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Vicar tells tale of zoo quest

02 November 2012

RICK WILLIAMS

From Animal House: left: "the prev­alence of ele­phants was a matter of irrel­ev­ance"; the aardvark (below) "base[d] his right of resid­ence on alphabetic precedence"

From Animal House: left: "the prev­alence of ele­phants was a matter of irrel­ev­ance"; the aardvark (below) "base[d] his right of resid­ence on alp...

AMONG the guests you might expect to encounter in a vicarage, a yak is unlikely to feature. A bat in a belfry is par for the course, but vultures building nests are certain to raise a few eyebrows - to say nothing of a python "poised to pounce" in the loo.

All are creatures depicted in Animal House, a children's book of comic verse, written and illustrated by the Revd Rick Williams. It is the tale of a home filled with exotic creatures whose "endless racket" eventually forces the narrator to take up residence in a zoo: the one place where "the bars keep all the animals away."

On Monday, Mr Williams, who was Vicar of St Saviour's, Westcliff, in Essex, until 2010, when he took time out to complete the book, said that his daughter had provided the inspiration.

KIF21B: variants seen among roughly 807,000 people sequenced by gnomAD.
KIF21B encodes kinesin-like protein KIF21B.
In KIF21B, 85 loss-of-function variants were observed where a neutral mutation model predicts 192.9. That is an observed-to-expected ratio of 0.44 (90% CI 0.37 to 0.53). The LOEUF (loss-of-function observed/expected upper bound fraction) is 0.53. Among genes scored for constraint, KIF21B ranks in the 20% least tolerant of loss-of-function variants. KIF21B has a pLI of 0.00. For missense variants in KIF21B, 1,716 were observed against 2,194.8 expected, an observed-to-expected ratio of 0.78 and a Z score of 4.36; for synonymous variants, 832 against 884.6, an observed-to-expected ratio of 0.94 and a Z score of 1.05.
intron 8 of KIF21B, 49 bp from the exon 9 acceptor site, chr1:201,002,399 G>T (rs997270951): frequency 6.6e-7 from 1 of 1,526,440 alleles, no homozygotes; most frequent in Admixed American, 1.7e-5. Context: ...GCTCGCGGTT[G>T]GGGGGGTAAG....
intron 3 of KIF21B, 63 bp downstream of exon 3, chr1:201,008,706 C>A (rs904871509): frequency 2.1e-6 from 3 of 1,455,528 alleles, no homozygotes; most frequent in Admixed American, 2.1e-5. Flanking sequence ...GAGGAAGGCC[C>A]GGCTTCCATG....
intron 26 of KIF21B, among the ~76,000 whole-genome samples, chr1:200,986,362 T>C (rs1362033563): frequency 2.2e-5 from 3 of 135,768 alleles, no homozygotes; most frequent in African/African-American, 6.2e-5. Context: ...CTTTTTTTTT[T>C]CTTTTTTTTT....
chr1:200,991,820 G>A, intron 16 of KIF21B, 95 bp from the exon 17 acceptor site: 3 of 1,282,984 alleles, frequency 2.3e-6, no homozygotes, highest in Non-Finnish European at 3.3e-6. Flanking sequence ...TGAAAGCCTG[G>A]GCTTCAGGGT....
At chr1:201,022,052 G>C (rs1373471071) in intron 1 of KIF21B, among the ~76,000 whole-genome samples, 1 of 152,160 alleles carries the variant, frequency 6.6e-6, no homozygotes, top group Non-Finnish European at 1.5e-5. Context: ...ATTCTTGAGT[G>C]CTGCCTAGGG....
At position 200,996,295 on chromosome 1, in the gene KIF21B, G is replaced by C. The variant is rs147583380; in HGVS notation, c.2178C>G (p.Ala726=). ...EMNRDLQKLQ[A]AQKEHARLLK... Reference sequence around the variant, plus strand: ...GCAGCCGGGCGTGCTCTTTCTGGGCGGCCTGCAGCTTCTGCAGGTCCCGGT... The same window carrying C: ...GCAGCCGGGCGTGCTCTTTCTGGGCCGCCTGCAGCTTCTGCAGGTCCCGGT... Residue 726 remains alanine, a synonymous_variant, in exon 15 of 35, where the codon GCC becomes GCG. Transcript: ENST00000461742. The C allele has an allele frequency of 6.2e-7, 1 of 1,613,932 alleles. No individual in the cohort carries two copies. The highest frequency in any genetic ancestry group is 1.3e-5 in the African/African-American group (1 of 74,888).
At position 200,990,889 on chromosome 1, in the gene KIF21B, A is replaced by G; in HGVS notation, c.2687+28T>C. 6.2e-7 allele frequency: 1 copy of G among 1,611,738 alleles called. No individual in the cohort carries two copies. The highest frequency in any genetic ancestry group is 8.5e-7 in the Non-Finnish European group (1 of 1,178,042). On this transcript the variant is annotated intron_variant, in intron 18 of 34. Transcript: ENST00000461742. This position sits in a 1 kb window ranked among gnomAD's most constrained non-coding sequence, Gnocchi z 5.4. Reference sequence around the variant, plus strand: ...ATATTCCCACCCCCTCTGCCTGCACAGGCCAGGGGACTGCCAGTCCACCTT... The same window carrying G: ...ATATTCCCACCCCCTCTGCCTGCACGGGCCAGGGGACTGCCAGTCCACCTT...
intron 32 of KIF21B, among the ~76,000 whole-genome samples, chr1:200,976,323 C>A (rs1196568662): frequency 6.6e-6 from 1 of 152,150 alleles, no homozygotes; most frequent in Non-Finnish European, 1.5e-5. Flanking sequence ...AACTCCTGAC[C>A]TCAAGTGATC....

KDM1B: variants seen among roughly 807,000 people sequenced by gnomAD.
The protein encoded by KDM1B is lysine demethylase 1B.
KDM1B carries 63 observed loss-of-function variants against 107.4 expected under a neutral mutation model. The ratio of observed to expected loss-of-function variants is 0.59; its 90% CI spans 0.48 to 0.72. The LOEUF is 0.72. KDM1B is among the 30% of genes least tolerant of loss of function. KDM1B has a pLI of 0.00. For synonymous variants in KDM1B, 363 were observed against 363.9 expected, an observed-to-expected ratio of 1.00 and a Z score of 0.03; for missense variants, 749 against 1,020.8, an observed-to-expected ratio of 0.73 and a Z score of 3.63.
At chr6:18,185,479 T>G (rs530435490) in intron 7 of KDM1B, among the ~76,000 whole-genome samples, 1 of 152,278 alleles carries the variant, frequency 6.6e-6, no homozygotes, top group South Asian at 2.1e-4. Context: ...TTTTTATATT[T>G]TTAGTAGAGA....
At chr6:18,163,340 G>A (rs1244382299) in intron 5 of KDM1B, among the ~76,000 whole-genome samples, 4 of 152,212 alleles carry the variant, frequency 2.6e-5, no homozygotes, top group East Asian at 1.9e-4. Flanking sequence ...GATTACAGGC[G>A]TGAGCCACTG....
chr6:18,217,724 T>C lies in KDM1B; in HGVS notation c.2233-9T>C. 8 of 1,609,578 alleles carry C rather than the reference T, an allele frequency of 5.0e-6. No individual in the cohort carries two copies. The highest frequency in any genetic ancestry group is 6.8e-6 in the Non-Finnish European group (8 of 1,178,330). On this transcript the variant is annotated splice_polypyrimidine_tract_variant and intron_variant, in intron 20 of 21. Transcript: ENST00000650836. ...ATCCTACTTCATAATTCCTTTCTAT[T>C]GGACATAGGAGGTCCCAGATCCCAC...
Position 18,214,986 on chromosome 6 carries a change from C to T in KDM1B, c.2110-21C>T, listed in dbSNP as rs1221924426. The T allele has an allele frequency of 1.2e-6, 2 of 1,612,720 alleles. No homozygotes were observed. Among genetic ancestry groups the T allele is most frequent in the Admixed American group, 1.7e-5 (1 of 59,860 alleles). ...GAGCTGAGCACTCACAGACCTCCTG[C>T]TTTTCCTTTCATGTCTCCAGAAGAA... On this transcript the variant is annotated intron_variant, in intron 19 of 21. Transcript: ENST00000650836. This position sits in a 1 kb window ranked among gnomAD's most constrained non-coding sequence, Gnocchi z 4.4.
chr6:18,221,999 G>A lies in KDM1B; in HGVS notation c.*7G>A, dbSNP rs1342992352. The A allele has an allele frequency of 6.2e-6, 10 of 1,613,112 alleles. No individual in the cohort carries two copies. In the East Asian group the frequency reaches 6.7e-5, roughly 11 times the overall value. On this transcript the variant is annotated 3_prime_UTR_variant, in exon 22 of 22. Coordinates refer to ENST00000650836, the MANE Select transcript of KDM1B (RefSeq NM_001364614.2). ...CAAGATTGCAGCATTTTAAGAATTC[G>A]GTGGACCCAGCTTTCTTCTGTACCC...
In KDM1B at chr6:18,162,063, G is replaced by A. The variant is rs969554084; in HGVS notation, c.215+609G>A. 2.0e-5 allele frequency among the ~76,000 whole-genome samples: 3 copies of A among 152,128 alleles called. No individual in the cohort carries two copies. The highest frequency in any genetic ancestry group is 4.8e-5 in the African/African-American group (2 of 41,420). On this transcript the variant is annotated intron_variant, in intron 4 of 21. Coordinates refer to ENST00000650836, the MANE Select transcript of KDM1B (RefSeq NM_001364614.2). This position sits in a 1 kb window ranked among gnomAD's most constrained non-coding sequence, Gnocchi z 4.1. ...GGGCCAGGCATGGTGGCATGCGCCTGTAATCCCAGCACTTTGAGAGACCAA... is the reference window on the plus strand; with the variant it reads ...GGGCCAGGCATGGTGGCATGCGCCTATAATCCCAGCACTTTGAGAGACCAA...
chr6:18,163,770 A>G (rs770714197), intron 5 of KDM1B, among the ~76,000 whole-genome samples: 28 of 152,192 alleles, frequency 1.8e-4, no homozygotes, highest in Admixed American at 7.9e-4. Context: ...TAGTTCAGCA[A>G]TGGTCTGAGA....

"It started when my daughter was one year old. She was at the bottom of the stairs and growled, and I said 'There is a tiger at the bottom of the stairs,' and thought 'That is a good line for start of poem.'

"I wrote it originally just as made-up poems to entertain the children and, as it grew and became a fully fledged story, I thought it would be good to get it published, but I realised it needed illustrations and wasn't going to let anybody else do them."

Mr Williams, who gained a degree in art and design before going to St John's College, Nottingham, to study theology, published the book himself, and it is now on sale at Waterstone's in Southend.

He is already "halfway through" another illustrated comic poem and has also created comic poem versions of Bible stories for assemblies and church services. Lewis Carroll, A. A. Milne, and Julia Donaldson, author of The Gruffalo, are among his inspirations. He will take up the position of chaplain of Havens Hospices in Southend next month.

Mr Williams's children, now 15 and 17, are, he suspects, "extremely embarrassed" by their father's endeavours.

www.blurb.co.uk/books/2432090

 

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